WELCOME! Ice Cream with Shiratama Mochi and Kinako (soybean flour)
Welcome to my new (blog) home!
If you’re coming over from my old site – - – It’s nice to see you here! I’m glad you could make it! If you’re new to my blog – - – It’s very nice to meet you! (Photo Credit: Hideki Ueha)
Aside from a little fresh paint and a little redecorating, my old friends will find that the content of my new home is very similar to the content of my old home. However, just a friendly reminder to re-SUBSCRIBE BY EMAIL if you were previously subscribed on my old site and would like to continue to receive new post notices via email. Please follow any of the email icons labeled “Subscribe to Blog”. My apologies for this slight inconvenience!
Will you allow me to take you on a Two-Cent Tour of my new blog? :)
Home – By checking in here, you will find links to my most recent blog posts.
Blog – On this page, you’ll find an archive of all blog posts, starting with the most recent.
Recipes – This page is a directory of all the recipes on my blog, broken down by basic categories. I use this page often as my “cookbook”.
Glossary – I often mention Japanese vocabulary and ingredients throughout my blog. This is a collection of my Japanese to English translations.
Confessions – Here, you’ll find my journal entries, but no recipes. Read all about my family, restaurant favorites, celebrations, outings, general musings.
Gallery – This is a collection of the most recent photos uploaded to my blog.
Photography – Here you’ll find photography by my brother-in-law, Hideki Ueha. It’s great stuff. :)
About – I’m a mom, wife and cooking hobbyist. Read more about lil’ ol’ me.
Contact – I love hearing from you. I read all comments that you leave on posts but if you want to send a private message please do so here.
* * *
Today I’m sharing a really simple dessert with a Japanese twist.
Not everyone has an ice cream maker, nor wants to take the time to make homemade ice cream. Here’s a great little dessert that I stumbled across while dining on the Westside of Los Angeles that you can make with store-bought ice cream. It’s a simple vanilla ice cream served with cute little shiratama (mini mochi or rice cakes) and drizzled with a bit of honey and then topped with a generous dusting of kinako (soybean flour). It’s a simple dessert with a Japanese twist.
As for the restaurant that inspired this dessert, it’s an okonomiyaki shop called Gottsui, that serves ramen during lunch hours and okonomiyaki during dinner hours. I’ve never tried their okonomiyaki but insiders say it’s good, but pricey for what you get. You can always try my homemade version for a fraction of the cost! :) Follow links for Kansai-style and Hiroshima-style okonomiyaki recipes.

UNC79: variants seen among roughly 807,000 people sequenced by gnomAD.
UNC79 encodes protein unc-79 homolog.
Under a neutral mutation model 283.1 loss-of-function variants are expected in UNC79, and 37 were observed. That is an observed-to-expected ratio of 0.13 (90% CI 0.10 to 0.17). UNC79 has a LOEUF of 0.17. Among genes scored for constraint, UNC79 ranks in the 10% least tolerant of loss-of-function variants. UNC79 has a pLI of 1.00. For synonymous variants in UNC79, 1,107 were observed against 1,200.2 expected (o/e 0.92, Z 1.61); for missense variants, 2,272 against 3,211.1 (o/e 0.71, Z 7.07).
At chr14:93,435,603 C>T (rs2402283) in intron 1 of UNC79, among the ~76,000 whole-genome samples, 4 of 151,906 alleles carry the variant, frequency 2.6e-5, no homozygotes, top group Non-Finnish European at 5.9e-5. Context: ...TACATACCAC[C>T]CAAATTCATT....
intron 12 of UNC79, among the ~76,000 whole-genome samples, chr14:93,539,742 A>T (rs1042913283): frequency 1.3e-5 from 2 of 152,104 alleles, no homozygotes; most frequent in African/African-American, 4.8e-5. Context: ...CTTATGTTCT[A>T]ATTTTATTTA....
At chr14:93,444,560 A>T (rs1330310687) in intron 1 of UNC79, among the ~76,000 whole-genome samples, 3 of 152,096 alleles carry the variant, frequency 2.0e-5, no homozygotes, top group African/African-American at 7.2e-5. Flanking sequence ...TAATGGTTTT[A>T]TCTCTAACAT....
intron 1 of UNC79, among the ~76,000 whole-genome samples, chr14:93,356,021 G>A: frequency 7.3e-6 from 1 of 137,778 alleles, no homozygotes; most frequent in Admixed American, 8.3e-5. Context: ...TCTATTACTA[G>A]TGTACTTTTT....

I’ve been telling myself that I was going to clean-out the freezer so that I could make room for the ice cream maker. Well folks, the summer is coming to an end and I have yet to make enough room in the freezer. Ok, that’s not entirely true. I’ve mostly rid our freezer of frozen meats and fish, yet every time there is a significant amount of space in the freezer, my husband or I come home from Costco with a) large box of Haagen Dazs bars, b) large box of fruit popsicle bars, c) large box of Skinny Cow ice cream sandwiches, or d) a large tub of Albertson’s brand sherbet (if you’ve never tried it, the pineapple flavor ROCKS, and for only $3.99!). The latter tub of sherbet is something Bebe E’s paternal great grandmother used to keep in her freezer all the time so it’s my husband’s favorite.
(Photo Credit: Hideki Ueha)
Since trying the wafu (Japanese style) ice cream dessert at Gottsui, I’ve been wanting to re-create it at home. However, instead of using homemade ice cream, I made this simple dessert using our favorite Breyer’s All Natural Vanilla Bean flavored ice cream and it was a great shortcut. (Recipe for basic homemade vanilla ice cream and black sesame ice cream available here.) I’m certain this would also taste great with Japanese kurogoma (black sesame seed), azuki (red bean) or matcha (green tea) flavored ice creams as well.
Stay cool! Hope to see you back here at my new home again!
- 2 scoops vanilla bean ice cream
- Honey, drizzle
- 1 teaspoon Kinako (soy bean powder)
- ½ teaspoon granulated sugar (optional)
- ¾ cup shiratamako (glutinous rice flour) or mochiko (if shiratamako is not available)
- Slightly less than ½ cup water (mixed with shiratamako)
- 3 – 4 cups water for boiling
- Combine glutinous rice flour and water. Gently incorporate using chopsticks. When it comes together, knead the dough gently with your hands. The dough should be soft and pliable, yet hold together. You may need to play with the amount of water if you use mochiko instead of shiratamako.
- Boil water in a small pot. Meanwhile, make small quarter-sized thumbprint balls and gently drop into boiling water. These will sink to the bottom, and float up to the surface when ready.
- Once the mini mochi are cooked, place them in a bowl of cool water.
- Combine kinako (soy bean powder) and granulated sugar. Omit sugar if you prefer the kinako as is (which is what I prefer).
- Scoop ice cream into a serving dish, place shiratama or mini mochi around the ice cream. Drizzle with honey and dust with a generous amount of kinako.